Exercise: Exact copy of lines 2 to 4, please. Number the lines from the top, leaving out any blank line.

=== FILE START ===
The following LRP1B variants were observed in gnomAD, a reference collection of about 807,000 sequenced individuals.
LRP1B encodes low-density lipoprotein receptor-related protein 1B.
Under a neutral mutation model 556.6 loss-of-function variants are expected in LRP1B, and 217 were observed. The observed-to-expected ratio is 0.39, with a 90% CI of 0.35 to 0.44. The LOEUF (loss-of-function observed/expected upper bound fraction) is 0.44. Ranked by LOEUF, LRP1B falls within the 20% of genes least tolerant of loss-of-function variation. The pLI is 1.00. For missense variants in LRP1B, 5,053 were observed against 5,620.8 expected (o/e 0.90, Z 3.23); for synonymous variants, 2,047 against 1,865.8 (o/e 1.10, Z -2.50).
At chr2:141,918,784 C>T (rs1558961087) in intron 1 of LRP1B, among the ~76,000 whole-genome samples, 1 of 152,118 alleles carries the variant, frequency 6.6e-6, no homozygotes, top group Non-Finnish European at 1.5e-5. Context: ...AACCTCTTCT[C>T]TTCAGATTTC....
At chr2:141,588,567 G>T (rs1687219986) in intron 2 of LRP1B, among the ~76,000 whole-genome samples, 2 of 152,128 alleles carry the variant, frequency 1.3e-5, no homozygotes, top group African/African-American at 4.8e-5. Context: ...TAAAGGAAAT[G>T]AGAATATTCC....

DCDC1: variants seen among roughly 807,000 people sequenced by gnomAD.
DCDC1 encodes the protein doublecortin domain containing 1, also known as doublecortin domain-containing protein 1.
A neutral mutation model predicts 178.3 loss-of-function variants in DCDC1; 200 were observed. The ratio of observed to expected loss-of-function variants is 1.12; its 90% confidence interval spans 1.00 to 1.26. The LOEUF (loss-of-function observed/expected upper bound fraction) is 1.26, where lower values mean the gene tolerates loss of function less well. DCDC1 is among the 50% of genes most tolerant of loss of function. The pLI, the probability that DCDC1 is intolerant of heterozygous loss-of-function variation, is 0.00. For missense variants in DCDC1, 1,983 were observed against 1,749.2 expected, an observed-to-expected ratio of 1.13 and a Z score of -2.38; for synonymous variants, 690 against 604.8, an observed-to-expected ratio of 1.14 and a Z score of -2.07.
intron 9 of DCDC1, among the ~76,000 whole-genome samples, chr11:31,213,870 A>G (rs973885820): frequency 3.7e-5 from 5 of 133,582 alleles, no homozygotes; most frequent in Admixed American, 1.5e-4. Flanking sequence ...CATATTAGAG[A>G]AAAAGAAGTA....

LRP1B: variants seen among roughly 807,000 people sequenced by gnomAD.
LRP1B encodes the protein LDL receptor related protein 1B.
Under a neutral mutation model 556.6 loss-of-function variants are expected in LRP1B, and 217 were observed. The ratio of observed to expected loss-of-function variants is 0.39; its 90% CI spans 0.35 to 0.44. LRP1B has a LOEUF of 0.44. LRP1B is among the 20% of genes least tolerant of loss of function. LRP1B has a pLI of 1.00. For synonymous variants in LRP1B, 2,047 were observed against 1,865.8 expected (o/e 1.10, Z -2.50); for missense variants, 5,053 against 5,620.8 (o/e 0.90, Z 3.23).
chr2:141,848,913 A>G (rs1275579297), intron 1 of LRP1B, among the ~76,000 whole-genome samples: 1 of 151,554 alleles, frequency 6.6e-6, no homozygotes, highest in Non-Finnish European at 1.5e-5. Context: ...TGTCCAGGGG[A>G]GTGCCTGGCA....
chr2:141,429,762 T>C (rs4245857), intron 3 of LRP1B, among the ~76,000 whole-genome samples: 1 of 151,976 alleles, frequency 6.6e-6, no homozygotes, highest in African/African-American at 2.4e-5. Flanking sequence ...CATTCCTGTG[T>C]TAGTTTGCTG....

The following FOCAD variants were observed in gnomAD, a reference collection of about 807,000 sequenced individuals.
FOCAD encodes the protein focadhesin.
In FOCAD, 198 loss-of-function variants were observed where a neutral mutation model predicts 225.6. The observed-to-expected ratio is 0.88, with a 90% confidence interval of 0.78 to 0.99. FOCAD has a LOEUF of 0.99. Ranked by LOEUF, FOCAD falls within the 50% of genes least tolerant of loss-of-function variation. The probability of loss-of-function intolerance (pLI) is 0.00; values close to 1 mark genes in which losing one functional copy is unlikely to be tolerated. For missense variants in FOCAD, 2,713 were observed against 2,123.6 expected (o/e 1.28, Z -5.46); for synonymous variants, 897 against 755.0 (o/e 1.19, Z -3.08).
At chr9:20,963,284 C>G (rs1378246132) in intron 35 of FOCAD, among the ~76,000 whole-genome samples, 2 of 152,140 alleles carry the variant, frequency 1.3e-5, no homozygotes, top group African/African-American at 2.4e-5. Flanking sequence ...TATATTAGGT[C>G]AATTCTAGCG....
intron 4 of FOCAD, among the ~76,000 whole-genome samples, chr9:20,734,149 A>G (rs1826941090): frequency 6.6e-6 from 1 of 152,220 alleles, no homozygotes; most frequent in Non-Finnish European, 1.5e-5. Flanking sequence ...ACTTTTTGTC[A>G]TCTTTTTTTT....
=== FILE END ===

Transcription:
LRP1B encodes low-density lipoprotein receptor-related protein 1B.
Under a neutral mutation model 556.6 loss-of-function variants are expected in LRP1B, and 217 were observed. The observed-to-expected ratio is 0.39, with a 90% CI of 0.35 to 0.44. The LOEUF (loss-of-function observed/expected upper bound fraction) is 0.44. Ranked by LOEUF, LRP1B falls within the 20% of genes least tolerant of loss-of-function variation. The pLI is 1.00. For missense variants in LRP1B, 5,053 were observed against 5,620.8 expected (o/e 0.90, Z 3.23); for synonymous variants, 2,047 against 1,865.8 (o/e 1.10, Z -2.50).
At chr2:141,918,784 C>T (rs1558961087) in intron 1 of LRP1B, among the ~76,000 whole-genome samples, 1 of 152,118 alleles carries the variant, frequency 6.6e-6, no homozygotes, top group Non-Finnish European at 1.5e-5. Context: ...AACCTCTTCT[C>T]TTCAGATTTC....